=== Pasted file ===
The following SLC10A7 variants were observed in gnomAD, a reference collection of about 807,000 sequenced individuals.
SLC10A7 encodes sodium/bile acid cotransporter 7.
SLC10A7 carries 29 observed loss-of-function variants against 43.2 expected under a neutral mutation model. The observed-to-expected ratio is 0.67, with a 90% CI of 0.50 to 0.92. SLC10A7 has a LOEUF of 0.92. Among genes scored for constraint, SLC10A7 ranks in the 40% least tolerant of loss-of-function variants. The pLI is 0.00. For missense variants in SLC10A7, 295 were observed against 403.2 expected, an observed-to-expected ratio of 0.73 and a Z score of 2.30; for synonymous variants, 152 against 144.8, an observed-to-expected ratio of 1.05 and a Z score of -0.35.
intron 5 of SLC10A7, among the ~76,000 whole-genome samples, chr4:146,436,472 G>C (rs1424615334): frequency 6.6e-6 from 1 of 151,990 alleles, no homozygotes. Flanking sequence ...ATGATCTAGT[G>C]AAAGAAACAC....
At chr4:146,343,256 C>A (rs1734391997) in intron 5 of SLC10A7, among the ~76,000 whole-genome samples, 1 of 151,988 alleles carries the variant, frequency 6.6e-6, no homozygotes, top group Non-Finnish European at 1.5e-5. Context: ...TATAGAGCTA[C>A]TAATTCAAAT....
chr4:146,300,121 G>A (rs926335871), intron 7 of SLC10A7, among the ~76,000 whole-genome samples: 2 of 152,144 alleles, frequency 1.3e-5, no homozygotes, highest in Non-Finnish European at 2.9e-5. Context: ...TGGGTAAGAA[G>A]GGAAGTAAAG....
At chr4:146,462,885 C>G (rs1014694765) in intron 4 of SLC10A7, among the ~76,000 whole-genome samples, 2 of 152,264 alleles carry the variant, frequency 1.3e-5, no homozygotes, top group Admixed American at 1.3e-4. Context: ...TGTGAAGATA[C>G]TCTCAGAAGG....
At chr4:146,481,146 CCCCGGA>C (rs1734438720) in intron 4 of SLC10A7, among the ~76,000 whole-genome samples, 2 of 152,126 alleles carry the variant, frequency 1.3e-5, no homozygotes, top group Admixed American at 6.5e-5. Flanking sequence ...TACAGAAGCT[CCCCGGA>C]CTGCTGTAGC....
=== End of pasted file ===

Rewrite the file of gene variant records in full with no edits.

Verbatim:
The following SLC10A7 variants were observed in gnomAD, a reference collection of about 807,000 sequenced individuals.
SLC10A7 encodes sodium/bile acid cotransporter 7.
SLC10A7 carries 29 observed loss-of-function variants against 43.2 expected under a neutral mutation model. The observed-to-expected ratio is 0.67, with a 90% CI of 0.50 to 0.92. SLC10A7 has a LOEUF of 0.92. Among genes scored for constraint, SLC10A7 ranks in the 40% least tolerant of loss-of-function variants. The pLI is 0.00. For missense variants in SLC10A7, 295 were observed against 403.2 expected, an observed-to-expected ratio of 0.73 and a Z score of 2.30; for synonymous variants, 152 against 144.8, an observed-to-expected ratio of 1.05 and a Z score of -0.35.
intron 5 of SLC10A7, among the ~76,000 whole-genome samples, chr4:146,436,472 G>C (rs1424615334): frequency 6.6e-6 from 1 of 151,990 alleles, no homozygotes. Flanking sequence ...ATGATCTAGT[G>C]AAAGAAACAC....
At chr4:146,343,256 C>A (rs1734391997) in intron 5 of SLC10A7, among the ~76,000 whole-genome samples, 1 of 151,988 alleles carries the variant, frequency 6.6e-6, no homozygotes, top group Non-Finnish European at 1.5e-5. Context: ...TATAGAGCTA[C>A]TAATTCAAAT....
chr4:146,300,121 G>A (rs926335871), intron 7 of SLC10A7, among the ~76,000 whole-genome samples: 2 of 152,144 alleles, frequency 1.3e-5, no homozygotes, highest in Non-Finnish European at 2.9e-5. Context: ...TGGGTAAGAA[G>A]GGAAGTAAAG....
At chr4:146,462,885 C>G (rs1014694765) in intron 4 of SLC10A7, among the ~76,000 whole-genome samples, 2 of 152,264 alleles carry the variant, frequency 1.3e-5, no homozygotes, top group Admixed American at 1.3e-4. Context: ...TGTGAAGATA[C>G]TCTCAGAAGG....
At chr4:146,481,146 CCCCGGA>C (rs1734438720) in intron 4 of SLC10A7, among the ~76,000 whole-genome samples, 2 of 152,126 alleles carry the variant, frequency 1.3e-5, no homozygotes, top group Admixed American at 6.5e-5. Flanking sequence ...TACAGAAGCT[CCCCGGA>C]CTGCTGTAGC....